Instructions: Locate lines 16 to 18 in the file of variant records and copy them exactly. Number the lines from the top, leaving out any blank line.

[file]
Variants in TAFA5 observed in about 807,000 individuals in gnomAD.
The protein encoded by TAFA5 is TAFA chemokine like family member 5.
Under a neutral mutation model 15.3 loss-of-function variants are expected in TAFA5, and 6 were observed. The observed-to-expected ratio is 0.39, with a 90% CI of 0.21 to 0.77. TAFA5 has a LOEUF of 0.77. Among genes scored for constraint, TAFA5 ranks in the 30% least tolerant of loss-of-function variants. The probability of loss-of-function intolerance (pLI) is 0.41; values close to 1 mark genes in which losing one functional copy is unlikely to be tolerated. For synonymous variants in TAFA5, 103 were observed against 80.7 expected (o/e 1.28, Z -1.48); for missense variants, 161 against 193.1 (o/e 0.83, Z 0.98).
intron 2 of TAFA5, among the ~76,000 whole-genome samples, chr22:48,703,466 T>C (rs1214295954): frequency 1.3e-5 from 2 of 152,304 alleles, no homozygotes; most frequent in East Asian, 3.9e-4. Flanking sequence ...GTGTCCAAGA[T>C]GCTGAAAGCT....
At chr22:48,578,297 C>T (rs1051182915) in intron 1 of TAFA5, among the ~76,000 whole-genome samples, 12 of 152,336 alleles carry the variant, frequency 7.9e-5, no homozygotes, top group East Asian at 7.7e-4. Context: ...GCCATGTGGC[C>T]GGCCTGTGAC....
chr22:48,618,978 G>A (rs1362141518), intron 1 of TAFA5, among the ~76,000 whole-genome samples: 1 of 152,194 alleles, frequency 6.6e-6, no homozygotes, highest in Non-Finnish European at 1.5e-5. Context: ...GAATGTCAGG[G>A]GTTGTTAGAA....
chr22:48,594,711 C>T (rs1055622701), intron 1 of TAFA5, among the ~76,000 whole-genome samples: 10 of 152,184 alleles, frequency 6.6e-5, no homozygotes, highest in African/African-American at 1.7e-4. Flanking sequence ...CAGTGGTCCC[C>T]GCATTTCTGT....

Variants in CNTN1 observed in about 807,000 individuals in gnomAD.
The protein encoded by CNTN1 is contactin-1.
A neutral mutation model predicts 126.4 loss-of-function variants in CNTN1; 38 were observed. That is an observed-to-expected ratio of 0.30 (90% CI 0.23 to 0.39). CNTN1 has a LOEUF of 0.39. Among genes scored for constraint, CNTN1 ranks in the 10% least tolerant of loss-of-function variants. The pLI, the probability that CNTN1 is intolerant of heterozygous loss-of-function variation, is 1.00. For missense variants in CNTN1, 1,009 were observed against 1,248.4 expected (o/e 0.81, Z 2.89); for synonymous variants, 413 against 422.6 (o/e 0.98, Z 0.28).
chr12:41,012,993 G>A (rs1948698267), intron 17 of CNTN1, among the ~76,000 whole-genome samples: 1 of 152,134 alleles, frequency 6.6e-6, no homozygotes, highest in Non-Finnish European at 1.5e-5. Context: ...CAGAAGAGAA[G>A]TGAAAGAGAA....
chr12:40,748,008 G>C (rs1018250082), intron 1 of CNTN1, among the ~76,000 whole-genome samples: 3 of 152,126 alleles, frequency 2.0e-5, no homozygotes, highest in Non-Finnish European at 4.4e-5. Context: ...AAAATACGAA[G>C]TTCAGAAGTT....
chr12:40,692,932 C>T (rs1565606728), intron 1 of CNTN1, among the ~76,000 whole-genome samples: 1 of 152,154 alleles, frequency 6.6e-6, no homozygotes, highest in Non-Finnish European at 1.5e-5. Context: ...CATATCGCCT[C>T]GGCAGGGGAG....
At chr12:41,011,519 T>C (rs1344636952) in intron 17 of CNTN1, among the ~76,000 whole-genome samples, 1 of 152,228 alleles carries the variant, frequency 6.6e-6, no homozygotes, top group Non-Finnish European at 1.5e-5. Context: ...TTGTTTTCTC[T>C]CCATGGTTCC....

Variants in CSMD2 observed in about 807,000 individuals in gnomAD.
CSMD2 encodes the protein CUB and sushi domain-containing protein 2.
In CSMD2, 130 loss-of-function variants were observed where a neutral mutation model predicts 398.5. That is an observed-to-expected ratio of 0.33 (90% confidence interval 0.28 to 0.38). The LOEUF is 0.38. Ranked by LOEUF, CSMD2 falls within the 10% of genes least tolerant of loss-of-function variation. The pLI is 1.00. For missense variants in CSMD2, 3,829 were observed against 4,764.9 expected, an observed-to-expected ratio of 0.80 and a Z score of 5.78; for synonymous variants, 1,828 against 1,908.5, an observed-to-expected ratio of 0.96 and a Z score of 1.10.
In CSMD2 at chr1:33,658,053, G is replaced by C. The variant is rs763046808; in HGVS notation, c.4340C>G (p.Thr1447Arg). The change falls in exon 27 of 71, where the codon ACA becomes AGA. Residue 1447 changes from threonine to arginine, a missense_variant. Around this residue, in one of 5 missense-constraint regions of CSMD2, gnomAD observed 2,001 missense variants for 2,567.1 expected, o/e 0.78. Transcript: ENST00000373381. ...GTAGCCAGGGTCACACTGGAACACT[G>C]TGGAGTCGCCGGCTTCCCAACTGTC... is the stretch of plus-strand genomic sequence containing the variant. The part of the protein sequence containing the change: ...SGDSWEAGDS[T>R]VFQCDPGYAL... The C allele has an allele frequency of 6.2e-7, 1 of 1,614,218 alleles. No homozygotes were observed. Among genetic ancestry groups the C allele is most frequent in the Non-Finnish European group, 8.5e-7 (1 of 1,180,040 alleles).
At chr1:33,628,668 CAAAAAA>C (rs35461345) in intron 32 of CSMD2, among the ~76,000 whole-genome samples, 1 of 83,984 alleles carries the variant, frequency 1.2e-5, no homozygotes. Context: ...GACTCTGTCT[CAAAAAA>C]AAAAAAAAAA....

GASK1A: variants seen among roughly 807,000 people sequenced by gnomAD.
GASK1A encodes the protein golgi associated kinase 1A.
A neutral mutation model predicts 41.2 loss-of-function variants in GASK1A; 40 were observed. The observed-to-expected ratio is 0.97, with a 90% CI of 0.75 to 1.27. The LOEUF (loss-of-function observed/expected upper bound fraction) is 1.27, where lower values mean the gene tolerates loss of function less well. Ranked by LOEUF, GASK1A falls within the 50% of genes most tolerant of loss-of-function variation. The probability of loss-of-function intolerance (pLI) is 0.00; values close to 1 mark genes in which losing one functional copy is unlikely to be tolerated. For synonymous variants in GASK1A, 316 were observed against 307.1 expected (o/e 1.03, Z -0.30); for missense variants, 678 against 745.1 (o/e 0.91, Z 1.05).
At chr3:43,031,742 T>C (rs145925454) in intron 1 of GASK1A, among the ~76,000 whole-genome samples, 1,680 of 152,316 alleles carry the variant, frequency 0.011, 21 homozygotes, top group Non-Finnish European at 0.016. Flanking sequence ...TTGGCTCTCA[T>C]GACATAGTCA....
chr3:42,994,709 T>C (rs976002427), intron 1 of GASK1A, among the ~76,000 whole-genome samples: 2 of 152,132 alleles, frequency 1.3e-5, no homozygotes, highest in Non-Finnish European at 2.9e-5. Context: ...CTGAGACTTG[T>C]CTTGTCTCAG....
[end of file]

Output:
CSMD2 encodes the protein CUB and sushi domain-containing protein 2.
In CSMD2, 130 loss-of-function variants were observed where a neutral mutation model predicts 398.5. That is an observed-to-expected ratio of 0.33 (90% confidence interval 0.28 to 0.38). The LOEUF is 0.38. Ranked by LOEUF, CSMD2 falls within the 10% of genes least tolerant of loss-of-function variation. The pLI is 1.00. For missense variants in CSMD2, 3,829 were observed against 4,764.9 expected, an observed-to-expected ratio of 0.80 and a Z score of 5.78; for synonymous variants, 1,828 against 1,908.5, an observed-to-expected ratio of 0.96 and a Z score of 1.10.
In CSMD2 at chr1:33,658,053, G is replaced by C. The variant is rs763046808; in HGVS notation, c.4340C>G (p.Thr1447Arg). The change falls in exon 27 of 71, where the codon ACA becomes AGA. Residue 1447 changes from threonine to arginine, a missense_variant. Around this residue, in one of 5 missense-constraint regions of CSMD2, gnomAD observed 2,001 missense variants for 2,567.1 expected, o/e 0.78. Transcript: ENST00000373381. ...GTAGCCAGGGTCACACTGGAACACT[G>C]TGGAGTCGCCGGCTTCCCAACTGTC... is the stretch of plus-strand genomic sequence containing the variant. The part of the protein sequence containing the change: ...SGDSWEAGDS[T>R]VFQCDPGYAL... The C allele has an allele frequency of 6.2e-7, 1 of 1,614,218 alleles. No homozygotes were observed. Among genetic ancestry groups the C allele is most frequent in the Non-Finnish European group, 8.5e-7 (1 of 1,180,040 alleles).